If you plan to publish a work of fiction or non-fiction, writing a synopsis that summarizes the scope of your manuscript is inevitable.
Consider the typical submission process: First you write a query letter to agents or editors, and hopefully someone requests sample chapters along with a synopsis. Usually only after this step will authors be asked to submit the full manuscript.
What is a synopsis?
Before we dive deep, let’s first define synopsis.
Simply put, a synopsis is a summary of your fiction or nonfiction project.
A synopsis will
- have a beginning, middle and end
- leave no plot questions unanswered
- reflect the manuscript genre and tone
- demonstrate your voice
That may seem like a lot to accomplish within a few pages, but you’re not reinventing the wheel, here.
What’s the purpose of a synopsis?
Agents and editors have certain expectations of what they’ll find in your project overview, so it’s best to stick with the tried and true elements that make up this standard document. Standard, yes, but never boring.
After all, the purpose of the synopsis is to wow your reader (aka: an agent or editor) and compel them to want to read more.
While you’re aiming for a certain wow factor to demonstrate the saleable nature of your must-read book, you really can’t leave anyone on the edge of their seats with unanswered questions and unresolved endings.
Instead, the synopsis should fully frame your story, include major turning points, and—yes—share the story conclusion. Agents need to see the full story in a nutshell, from beginning to end, and see there’s a satisfying and appropriate resolution for readers.
Agents and editors also use the synopsis to determine how well a writer tells a story, inclusive of voice and style.
In some ways, you may do well to approach writing the synopsis as though this were a mini story in its own right.
In a synopsis, you won’t have space to reveal every action or emotion, or the entire cast of characters. Instead, focus on your main characters, what motivates them throughout the storyline and what conflicts they face along the way. This is true for both fiction and nonfiction manuscripts.
Is there a difference between writing a synopsis for fiction and nonfiction?
Writing a synopsis for fiction and nonfiction is fairly similar.
A novel synopsis is generally submitted along with the first few sample chapters, while a nonfiction synopsis is a necessary component of the overall nonfiction book proposal.
A nonfiction synopsis, or project overview, may be as short as a paragraph or may elaborate over a few pages.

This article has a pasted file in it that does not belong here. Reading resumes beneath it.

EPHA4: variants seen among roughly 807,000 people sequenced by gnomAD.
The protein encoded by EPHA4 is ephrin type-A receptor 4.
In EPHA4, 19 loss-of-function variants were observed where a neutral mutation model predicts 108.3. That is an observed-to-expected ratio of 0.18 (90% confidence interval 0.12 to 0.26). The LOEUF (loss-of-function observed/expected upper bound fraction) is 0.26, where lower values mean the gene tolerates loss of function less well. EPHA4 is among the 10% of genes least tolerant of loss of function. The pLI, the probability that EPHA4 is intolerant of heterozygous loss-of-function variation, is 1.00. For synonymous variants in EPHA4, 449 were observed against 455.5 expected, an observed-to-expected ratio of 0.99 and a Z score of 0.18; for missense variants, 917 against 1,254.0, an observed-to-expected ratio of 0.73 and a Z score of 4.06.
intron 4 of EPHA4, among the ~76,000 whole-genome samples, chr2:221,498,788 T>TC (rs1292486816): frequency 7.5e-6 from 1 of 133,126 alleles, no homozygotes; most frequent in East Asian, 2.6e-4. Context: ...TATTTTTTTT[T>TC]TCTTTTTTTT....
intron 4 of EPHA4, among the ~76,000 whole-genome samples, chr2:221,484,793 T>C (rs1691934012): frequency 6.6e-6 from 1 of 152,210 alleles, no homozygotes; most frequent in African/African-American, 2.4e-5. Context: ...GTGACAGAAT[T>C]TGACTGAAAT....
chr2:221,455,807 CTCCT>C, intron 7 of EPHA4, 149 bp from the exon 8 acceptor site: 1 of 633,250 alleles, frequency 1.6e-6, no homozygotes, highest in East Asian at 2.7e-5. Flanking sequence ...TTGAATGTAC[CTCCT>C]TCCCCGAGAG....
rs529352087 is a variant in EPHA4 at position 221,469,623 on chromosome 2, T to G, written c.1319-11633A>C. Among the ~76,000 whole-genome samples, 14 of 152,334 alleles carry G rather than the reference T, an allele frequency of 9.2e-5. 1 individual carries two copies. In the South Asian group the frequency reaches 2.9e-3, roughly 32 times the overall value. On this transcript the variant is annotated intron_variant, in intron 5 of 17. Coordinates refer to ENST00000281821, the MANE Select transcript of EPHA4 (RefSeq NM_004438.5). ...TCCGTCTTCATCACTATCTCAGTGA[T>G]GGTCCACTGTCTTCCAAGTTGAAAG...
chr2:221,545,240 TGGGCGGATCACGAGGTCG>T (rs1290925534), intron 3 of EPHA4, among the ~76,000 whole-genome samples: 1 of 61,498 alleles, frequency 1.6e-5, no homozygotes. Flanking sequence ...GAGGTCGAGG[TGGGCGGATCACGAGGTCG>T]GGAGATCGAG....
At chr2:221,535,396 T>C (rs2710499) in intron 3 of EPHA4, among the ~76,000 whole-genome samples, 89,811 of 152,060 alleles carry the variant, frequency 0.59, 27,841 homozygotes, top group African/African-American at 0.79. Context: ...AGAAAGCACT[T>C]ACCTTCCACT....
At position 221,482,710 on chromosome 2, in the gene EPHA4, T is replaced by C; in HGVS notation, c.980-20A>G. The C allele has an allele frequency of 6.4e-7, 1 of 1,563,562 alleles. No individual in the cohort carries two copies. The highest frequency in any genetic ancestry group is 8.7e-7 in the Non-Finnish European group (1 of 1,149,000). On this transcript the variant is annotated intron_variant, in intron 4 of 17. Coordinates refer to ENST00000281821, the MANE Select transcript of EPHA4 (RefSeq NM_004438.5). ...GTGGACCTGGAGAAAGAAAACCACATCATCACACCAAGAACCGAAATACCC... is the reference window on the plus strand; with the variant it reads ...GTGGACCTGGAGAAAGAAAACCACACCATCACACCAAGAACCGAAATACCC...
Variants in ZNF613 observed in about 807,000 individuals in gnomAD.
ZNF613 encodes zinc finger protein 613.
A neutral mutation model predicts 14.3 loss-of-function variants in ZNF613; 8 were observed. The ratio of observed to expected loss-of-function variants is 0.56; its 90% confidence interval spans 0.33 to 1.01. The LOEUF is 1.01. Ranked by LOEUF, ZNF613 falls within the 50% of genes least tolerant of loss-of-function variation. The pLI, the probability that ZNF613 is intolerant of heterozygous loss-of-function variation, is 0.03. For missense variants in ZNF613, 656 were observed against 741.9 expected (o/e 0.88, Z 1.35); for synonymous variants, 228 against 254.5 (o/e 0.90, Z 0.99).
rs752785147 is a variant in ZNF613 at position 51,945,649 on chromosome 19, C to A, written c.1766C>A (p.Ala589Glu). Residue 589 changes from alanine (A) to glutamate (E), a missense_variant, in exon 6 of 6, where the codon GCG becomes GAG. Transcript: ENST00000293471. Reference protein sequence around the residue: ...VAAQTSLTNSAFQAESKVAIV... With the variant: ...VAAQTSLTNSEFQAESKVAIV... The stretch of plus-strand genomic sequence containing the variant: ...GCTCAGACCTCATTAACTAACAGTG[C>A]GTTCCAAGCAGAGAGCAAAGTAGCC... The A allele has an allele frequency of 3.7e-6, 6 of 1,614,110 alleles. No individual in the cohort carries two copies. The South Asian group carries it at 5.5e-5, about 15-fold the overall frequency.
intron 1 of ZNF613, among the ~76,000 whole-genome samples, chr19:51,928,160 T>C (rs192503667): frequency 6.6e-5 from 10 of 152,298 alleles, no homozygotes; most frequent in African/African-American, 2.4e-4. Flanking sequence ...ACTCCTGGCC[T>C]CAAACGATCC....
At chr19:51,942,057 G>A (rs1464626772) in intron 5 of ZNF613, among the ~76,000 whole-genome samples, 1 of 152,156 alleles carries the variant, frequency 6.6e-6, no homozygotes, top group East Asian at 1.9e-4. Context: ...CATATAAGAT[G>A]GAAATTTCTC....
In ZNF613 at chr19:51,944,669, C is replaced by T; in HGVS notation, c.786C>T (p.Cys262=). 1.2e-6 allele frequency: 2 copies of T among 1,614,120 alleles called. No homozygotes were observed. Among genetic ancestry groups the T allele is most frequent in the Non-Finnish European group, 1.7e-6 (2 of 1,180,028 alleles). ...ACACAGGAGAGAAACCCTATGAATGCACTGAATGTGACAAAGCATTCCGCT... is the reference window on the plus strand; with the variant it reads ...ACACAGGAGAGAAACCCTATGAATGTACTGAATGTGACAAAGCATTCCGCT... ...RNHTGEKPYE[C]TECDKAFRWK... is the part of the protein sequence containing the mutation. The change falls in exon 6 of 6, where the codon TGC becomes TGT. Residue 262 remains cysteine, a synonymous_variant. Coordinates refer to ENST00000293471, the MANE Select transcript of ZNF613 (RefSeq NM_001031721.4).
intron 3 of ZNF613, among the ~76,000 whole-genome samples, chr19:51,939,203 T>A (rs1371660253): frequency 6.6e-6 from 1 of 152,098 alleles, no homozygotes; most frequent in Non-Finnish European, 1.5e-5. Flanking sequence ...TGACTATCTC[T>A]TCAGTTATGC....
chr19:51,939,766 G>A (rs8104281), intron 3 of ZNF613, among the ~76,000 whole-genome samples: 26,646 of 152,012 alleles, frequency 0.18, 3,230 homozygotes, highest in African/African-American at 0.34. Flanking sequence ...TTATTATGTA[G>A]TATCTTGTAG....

Synopses for novels commonly range between one to three pages, though some genre editors may request a more detailed 10-15 page synopsis.
3 tips for writing an effective synopsis
Ready to write your synopsis? Follow these tips.
1. Know your market
This advice not only applies to recognizing the length of a synopsis, but also the content scope.
Most writers find writing the synopsis that much easier once the manuscript is fully drafted. Only then can you fully know the story inside and out and be able to present your cast of characters and the story arc in a succinct, compelling manner.
2. Brevity is your friend
Renowned publishing consultant Jane Friedman suggests crafting one single-spaced page “as your default, unless the submission guidelines ask for something longer.”
If you can focus your story down to one page, you’ll be able to adapt to alternative requests and add detail as necessary.
You’ll also be that much closer to understanding the key ingredients for an elevator pitch, a brief paragraph synopsis used when querying agents, pitching at conference one-on-ones, and in general conversation with industry pros.
If you can frame your book into a few clear engaging sentences, you’re demonstrating you have a hook, know your audience, and are prepared to market to readers.
3. The synopsis is about craft
So what do you include in a synopsis and what should you leave out?
- Keep it simple and keep it focused.
- Introduce your main characters and their role in the story.
- Bring their world to life and share critical turning points.
- Include how your characters evolve, for better or worse, throughout the story.
- Reveal how the story ends, always.
Essentially, you’ll address the who, what, why, and how of your story. Those ingredients should provide a basic story arc to frame your synopsis.
Your overall goal is to make the agent or editor care about your story, and to compel them to want to read the manuscript start to finish.
A strong synopsis will help you get published
As you finetune the synopsis, you’ll likely learn a few things about your own project: You’ll more clearly define pivotal points for your characters. You’ll strengthen your ability to succinctly talk about your project in person. And you’ll perhaps see themes and connections within your story you hadn’t fully appreciated until you zeroed in on the story arc in this way.
While the synopsis is truly about craft, and presenting your story to an agent or editor, keep in mind your future editor will have to go to bat for you at editorial meetings.
Your synopsis is often part of the presentation materials, used to convince an editorial board of your story’s merit. For that reason, it’s in your best interest to take your time, but give it all you’ve got.
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